Jonathan Kay on the ‘Global March to Jerusalem’: Hateful ignorance on parade (NATIONAL POST COMMENT) 03/29/12)
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When Israeli paratroopers entered Jerusalem’s Old City during the Six-
Day War of 1967, they had to rely on a passing bystander — an old
Arab Jerusalemite — to guide them to the Western Wall of Herod’s long-
destroyed Jewish Temple.
Why did these soldiers not know the way to the holiest place in all
Judaism? Because none had ever visited it. When the Jordanians ruled
Jerusalem, Jewish visitors were persona non grata, and many
synagogues were bulldozed.
I recite these facts in anticipation of March 30, the date picked by
activists for what they call the “Global March to Jerusalem.”
“The march will demand freedom for Jerusalem and its people and to
put an end to the Apartheid, ethnic cleansing and Judaisation
policies affecting the people, land and sanctity of Jerusalem,” the
web site informs us. “We aim to highlight the cause of Jerusalem (the
City of Peace) which is considered the key to peace and war in the
region and the world. The march will confirm that the policies and
practices of the racist Zionist state of Israel against Jerusalem and
its people are a crime not only against Palestinians but against all
With just a few sentences, the web site summarizes the dominant
strains of anti-Israeli propaganda that circulate in the Arab and
Muslim worlds (as well as at the United Nations Human Rights Council,
which just adopted five new resolutions against Israel, including one
written by Syria). In regard to Jerusalem, in particular, the Global
March organizers emphasize the image of the city as a sort of once-
peaceful, once-tolerant Eden, that recently has become corrupted and
desecrated by hateful Jews.
And so it is worth taking a moment to remember what Jerusalem and the
surroundings looked like before the Israelis took control of the area
45 years ago.
Far from the thriving centre of tourism and spiritual life that the
city has become under the Israelis, Hashemite Jerusalem was something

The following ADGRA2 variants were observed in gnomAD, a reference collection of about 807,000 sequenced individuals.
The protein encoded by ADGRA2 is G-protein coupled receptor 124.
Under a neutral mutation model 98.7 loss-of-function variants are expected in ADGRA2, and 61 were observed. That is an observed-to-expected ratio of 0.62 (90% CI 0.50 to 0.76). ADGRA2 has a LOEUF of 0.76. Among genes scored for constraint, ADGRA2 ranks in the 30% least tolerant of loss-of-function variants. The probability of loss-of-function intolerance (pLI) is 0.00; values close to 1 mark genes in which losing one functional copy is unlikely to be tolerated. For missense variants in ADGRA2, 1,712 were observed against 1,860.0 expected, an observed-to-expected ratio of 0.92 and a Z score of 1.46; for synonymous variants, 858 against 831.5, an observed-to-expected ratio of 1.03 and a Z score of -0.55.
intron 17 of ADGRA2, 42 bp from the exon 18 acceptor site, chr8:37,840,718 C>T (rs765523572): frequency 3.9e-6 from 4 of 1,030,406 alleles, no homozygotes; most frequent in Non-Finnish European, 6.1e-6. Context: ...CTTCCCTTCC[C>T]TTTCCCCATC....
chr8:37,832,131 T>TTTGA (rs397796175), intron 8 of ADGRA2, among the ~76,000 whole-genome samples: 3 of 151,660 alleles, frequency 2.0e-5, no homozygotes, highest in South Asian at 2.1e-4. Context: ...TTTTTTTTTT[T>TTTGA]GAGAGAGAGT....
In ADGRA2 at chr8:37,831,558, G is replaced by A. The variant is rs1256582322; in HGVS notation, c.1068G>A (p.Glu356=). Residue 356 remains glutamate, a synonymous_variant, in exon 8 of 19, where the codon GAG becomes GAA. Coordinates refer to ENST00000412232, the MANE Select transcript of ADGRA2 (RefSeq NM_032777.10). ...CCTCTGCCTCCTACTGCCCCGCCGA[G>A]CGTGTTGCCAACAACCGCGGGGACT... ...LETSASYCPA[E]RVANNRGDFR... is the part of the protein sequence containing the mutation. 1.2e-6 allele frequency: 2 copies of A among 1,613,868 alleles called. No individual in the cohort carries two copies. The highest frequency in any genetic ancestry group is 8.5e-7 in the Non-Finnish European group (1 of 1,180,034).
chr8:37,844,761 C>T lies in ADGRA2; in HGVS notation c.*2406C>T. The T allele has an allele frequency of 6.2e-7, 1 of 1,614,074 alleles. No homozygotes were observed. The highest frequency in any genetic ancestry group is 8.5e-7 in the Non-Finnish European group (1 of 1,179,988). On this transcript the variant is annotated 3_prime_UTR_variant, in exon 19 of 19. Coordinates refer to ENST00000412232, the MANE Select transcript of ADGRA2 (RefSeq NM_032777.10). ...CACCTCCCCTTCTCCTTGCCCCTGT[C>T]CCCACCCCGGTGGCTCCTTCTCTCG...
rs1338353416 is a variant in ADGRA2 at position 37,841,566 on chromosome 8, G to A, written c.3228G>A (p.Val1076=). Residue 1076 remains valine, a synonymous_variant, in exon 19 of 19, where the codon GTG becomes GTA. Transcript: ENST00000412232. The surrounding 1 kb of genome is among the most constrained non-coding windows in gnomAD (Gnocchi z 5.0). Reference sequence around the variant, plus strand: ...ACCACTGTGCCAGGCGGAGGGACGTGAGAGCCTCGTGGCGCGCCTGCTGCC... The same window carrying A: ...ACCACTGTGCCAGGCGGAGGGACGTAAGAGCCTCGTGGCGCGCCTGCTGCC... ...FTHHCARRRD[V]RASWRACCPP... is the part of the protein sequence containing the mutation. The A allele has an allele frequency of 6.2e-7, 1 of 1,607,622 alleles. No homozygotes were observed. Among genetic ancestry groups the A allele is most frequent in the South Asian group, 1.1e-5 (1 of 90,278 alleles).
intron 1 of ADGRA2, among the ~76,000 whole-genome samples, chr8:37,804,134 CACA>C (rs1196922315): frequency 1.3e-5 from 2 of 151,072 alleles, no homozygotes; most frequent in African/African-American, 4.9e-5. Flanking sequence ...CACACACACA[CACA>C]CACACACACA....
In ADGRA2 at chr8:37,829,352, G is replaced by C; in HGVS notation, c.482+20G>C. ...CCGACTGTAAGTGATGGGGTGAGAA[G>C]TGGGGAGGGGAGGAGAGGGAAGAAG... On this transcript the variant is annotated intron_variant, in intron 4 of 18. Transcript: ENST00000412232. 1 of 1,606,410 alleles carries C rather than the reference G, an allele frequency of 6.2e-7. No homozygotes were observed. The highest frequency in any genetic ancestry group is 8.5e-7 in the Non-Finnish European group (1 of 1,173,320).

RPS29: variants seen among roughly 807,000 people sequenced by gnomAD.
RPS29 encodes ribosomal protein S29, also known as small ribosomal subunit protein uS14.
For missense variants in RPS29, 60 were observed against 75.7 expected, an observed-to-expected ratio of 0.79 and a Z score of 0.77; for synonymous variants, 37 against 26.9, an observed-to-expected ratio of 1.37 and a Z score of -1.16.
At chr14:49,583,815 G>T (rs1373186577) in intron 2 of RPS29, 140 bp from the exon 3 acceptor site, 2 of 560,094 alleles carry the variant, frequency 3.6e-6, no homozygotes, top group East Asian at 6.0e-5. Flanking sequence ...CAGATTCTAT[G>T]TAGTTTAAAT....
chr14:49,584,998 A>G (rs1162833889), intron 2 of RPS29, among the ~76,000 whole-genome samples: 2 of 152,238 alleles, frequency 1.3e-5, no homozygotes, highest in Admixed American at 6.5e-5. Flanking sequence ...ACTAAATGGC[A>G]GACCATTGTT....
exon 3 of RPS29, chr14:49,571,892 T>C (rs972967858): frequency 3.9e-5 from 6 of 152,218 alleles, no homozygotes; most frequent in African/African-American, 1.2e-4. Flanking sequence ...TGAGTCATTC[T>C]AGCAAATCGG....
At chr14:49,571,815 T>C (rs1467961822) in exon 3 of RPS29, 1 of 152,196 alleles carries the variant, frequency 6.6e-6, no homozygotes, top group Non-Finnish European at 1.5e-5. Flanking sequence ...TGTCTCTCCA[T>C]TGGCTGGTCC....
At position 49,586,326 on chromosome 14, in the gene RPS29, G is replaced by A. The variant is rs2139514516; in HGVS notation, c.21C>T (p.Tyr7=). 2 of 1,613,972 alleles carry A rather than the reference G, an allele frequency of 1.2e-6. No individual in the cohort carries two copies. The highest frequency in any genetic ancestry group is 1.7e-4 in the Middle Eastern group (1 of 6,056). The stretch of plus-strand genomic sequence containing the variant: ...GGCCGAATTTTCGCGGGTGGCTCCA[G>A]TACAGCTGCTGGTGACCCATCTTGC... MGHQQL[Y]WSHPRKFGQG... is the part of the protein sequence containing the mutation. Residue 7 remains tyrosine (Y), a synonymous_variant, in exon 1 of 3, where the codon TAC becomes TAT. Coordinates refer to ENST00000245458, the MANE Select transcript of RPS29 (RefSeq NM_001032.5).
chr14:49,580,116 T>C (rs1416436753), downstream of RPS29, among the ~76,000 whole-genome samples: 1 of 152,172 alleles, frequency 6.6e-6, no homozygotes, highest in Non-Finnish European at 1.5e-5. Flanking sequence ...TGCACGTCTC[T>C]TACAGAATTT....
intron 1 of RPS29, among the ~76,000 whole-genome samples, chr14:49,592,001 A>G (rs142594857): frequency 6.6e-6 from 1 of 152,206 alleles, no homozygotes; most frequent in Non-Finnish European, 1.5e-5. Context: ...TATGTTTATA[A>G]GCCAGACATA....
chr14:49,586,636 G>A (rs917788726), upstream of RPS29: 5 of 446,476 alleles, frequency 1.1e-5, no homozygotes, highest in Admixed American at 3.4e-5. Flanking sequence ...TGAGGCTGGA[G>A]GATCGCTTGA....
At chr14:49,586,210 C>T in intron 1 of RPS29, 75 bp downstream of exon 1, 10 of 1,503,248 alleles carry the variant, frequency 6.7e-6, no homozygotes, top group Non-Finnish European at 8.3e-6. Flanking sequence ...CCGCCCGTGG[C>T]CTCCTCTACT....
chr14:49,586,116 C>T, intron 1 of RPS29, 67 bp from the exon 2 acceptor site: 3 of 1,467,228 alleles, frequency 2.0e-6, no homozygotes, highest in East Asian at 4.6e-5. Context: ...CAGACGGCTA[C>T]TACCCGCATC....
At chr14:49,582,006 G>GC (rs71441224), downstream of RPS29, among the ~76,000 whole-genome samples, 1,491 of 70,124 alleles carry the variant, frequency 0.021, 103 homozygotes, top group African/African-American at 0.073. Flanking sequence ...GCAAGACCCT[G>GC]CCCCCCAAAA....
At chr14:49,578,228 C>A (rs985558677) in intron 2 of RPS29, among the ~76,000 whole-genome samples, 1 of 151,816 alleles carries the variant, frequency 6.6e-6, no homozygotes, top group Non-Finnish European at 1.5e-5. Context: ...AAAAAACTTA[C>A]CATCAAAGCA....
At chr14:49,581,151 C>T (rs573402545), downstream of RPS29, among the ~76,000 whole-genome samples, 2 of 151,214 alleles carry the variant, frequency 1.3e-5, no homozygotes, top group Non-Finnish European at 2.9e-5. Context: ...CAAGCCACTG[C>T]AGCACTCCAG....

of a backwater. Even the Temple Mount — then, as now, controlled by
Muslims — attracted few Islamic visitors. Jewish prayer at the
Western Wall was practically non-existent: The faithful were confined
to a tiny, constrained pit the size of a bowling lane.
And what about now? From the manner by which Israel’s shrillest
enemies describe the Jewish state, one would think that the mosques
had all been destroyed or turned into pig stys. And yet al-Aqsa and
the holy Muslim buildings it contains have become an active place of
worship for Muslims from around the world. Indeed, Muslims are free
to pray at mosques all over Israel (and, unlike in many Muslim
nations, Shiite and Sunni worshipers do not have to worry bout being
blown up by their opposite number as they pray), just as Christians
gather and worship freely at the Church of the Holy Sepulchre, and
Bahá’ís congregate freely at the Bahá’í World Centre in Haifa.
Unless you count the oddballs over at “Jews for Jesus,” there is not
a single religious faith that does not enjoy full freedom of worship
in Israel. Only a tiny, militant, widely despised fringe of Jews seek
to remove the Temple Mount from Muslim religious custody.
Once the Jordanians were thrown out in 1967, archeologists from
around the world descended on Jerusalem to excavate the treasures
that Muslims had feared would weaken their claim to the city. In
recent decades, as Simon Sebag Montefiore recounts in his newest
book, “Canaanite fortifications, Judaean seals, Herodian foundations,
Maccabean and Byzantine walls, Roman streets, Umayyad palaces,
Ayyubid gates [and] Crusader churches” have all been uncovered.
Muslim leaders, on the other hand, when given the chance to excavate
an area under the Temple Mount in the mid-1990s, took the opportunity
to throw out tons of uninspected material, along with untold
historical treasures. To his dying day, Yasser Arafat trafficked in
the bizarre conspiracy theory that Jerusalem had never been a Jewish
holy city. Such ignorance permeates Palestinian propaganda to this
But that Israel’s tolerant attitude toward other faiths’ presence in
Jerusalem were mirrored by, say, Saudi Arabia, where non-Muslims
aren’t allowed even to enter Muslim holy cities, let alone build
churches or synagogues.
And yet we never hear of a “Global March to Mecca.” Odd that, no?
Jews and Arabs likely will continue to fight over control of
Jerusalem for many years. But let us dispense with the idea that the
Israeli presence amounts to a “racist” desecration of an
otherwise “peaceful” city. If the moral battle between Jews and Arab
were fought on the basis of who governed Jerusalem in a more tolerant
and civilized fashion, the victor would not be hard to choose. (©
2012 National Post, a division of Postmedia Network Inc. 03/29/12)
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